consumer_reports We all know by now that the big problem most news outlets are having in converting to the digital world is the collapse of the advertising market in print, coupled with the low-paying nature of the advertising market in digital.

But one well-known news outlet has never accepted advertising, and is all the more trusted as a result. Consumer Reports is well known as the go-to source for testing-based product comparisons and reviews. Even people who don’t subscribe will often spend time reading through back-issues in libraries before coming to a decision on a major purchase.

Consequently, the Consumer Reports website has always kept most of its content behind a paywall, simply because it relies on subscriber payments and donations to finance the operation of the magazine. Now, the Nieman Journalism Lab reports, Consumer Reports is engaging in product testing to figure out what the best price is for its “next-generation” iPhone app.

“Because we are Consumer Reports, we test everything,” [Jerry Steinbrink, vice president of publishing,] told me. “We depend a lot on focus groups. We’re trying to determine, with user input, what an acceptable price point would be.” Steinbrink wasn’t prepared to give a likely figure for the Consumer Reports iPhone app, but considering its functionality — it allows you to take a picture of any barcode, which will pull up all data Consumer Reports has on the product — and CR’s business model, don’t expect it to be a run-of-the-mill 99-cent app. Steinbrink thinks it might require a subscription fee that is renewed a few times a year, perhaps putting it in the range of their website which costs $26 per year.

Consumer Reports already has a cross-platform mobile website with a number of the features that will be in the app, which operates on a 99 cent day pass, or $4.99 per month (free if you subscribe to the regular Consumer Reports website).

The prevailing rhetoric around paywalls has been that they’re usually evil, misbegotten things that will end up killing the site that implements them. Consumer Reports, however, shows that when properly implemented, a paywall can compliment a paper magazine subscription in keeping a news outlet in business.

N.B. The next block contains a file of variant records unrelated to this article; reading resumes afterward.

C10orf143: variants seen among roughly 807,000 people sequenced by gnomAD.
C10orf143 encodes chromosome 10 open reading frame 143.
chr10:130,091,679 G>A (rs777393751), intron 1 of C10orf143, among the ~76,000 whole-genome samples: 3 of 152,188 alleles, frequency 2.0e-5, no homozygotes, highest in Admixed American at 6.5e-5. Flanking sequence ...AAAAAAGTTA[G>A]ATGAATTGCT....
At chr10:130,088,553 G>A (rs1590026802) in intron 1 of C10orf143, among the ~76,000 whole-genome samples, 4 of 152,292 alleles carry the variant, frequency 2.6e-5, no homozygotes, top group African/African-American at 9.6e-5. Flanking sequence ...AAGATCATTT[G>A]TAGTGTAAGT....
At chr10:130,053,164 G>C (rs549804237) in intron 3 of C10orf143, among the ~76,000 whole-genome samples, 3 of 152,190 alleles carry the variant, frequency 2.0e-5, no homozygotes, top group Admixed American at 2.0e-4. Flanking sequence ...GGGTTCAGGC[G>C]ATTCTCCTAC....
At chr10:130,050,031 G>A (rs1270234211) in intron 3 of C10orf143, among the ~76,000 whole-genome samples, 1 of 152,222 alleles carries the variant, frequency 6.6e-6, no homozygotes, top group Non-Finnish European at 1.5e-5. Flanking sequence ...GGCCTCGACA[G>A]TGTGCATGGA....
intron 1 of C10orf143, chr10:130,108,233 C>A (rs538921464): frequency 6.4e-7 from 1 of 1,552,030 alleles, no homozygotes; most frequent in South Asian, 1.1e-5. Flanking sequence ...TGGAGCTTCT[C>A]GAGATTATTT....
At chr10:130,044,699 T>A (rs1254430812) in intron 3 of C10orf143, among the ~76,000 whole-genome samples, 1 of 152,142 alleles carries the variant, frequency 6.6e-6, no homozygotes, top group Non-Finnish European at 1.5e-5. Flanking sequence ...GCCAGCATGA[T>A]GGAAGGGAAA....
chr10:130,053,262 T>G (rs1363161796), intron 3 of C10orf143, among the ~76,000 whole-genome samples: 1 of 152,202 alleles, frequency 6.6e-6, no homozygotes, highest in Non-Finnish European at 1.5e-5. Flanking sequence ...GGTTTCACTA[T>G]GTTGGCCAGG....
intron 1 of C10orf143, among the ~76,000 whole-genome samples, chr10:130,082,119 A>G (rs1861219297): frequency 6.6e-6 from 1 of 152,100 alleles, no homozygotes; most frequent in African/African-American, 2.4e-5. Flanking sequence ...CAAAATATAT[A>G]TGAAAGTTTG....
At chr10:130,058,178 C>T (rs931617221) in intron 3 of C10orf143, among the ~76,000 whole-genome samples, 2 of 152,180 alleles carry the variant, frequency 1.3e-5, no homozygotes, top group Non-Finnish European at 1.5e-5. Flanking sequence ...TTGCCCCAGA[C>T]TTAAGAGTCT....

1. It’s early in the ebook industry. Its early…
    (Gotta keep repeating it to myself almost daily.)

    It’s the only rational explanation for all the urban myths and overgeneralizations in common currency…
    Like, DRM is *always* evil.
    Or, paywalls are just the result of greed incarnate.

    Consumers Reports isn’t the only outfit with a paywall that makes sense. Nor is the WSJ the only other prominent one. There’s also the Economist.

    The shock is that there aren’t more, especially for specialty publications. Obviously, charging for content that is readily available online (daily news, for example) isn’t going to draw many willing customers. But for sources of *original*, useful, *valuable* content, a paywall isn’t going to discourage genuine customers as long as the subscription fee is the *only* charge. (ie, no ads or selling of aggregated personal data.)

    Most consumers today do realize that if they pay with their eyeballs or their privacy, they sure as heck can’t be expected to pay in hard currency too. Mixing paymentt systems is what muddies the waters and drives away the paying customers.

    Now it’s up to the content providers to understand the rules of the game.

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